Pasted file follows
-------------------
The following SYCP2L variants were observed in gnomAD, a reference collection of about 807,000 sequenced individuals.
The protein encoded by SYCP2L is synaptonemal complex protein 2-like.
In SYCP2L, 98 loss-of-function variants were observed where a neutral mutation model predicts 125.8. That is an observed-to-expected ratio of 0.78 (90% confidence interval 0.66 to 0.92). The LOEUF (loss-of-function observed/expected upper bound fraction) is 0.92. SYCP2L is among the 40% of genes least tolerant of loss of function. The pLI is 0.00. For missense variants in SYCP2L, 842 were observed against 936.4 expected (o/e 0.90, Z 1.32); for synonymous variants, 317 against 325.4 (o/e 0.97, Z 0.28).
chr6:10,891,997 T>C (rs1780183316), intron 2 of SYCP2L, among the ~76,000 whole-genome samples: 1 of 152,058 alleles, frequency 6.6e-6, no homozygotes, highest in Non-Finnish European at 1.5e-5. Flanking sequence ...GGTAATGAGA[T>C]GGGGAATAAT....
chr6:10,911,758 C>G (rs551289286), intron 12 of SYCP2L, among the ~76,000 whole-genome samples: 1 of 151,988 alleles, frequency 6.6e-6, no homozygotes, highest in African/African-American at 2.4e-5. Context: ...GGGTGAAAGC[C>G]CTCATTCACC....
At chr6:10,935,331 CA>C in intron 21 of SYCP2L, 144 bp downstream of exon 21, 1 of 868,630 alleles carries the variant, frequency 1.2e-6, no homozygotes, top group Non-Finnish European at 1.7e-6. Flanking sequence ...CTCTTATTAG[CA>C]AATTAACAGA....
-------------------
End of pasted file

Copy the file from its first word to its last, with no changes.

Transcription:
The following SYCP2L variants were observed in gnomAD, a reference collection of about 807,000 sequenced individuals.
The protein encoded by SYCP2L is synaptonemal complex protein 2-like.
In SYCP2L, 98 loss-of-function variants were observed where a neutral mutation model predicts 125.8. That is an observed-to-expected ratio of 0.78 (90% confidence interval 0.66 to 0.92). The LOEUF (loss-of-function observed/expected upper bound fraction) is 0.92. SYCP2L is among the 40% of genes least tolerant of loss of function. The pLI is 0.00. For missense variants in SYCP2L, 842 were observed against 936.4 expected (o/e 0.90, Z 1.32); for synonymous variants, 317 against 325.4 (o/e 0.97, Z 0.28).
chr6:10,891,997 T>C (rs1780183316), intron 2 of SYCP2L, among the ~76,000 whole-genome samples: 1 of 152,058 alleles, frequency 6.6e-6, no homozygotes, highest in Non-Finnish European at 1.5e-5. Flanking sequence ...GGTAATGAGA[T>C]GGGGAATAAT....
chr6:10,911,758 C>G (rs551289286), intron 12 of SYCP2L, among the ~76,000 whole-genome samples: 1 of 151,988 alleles, frequency 6.6e-6, no homozygotes, highest in African/African-American at 2.4e-5. Context: ...GGGTGAAAGC[C>G]CTCATTCACC....
At chr6:10,935,331 CA>C in intron 21 of SYCP2L, 144 bp downstream of exon 21, 1 of 868,630 alleles carries the variant, frequency 1.2e-6, no homozygotes, top group Non-Finnish European at 1.7e-6. Flanking sequence ...CTCTTATTAG[CA>C]AATTAACAGA....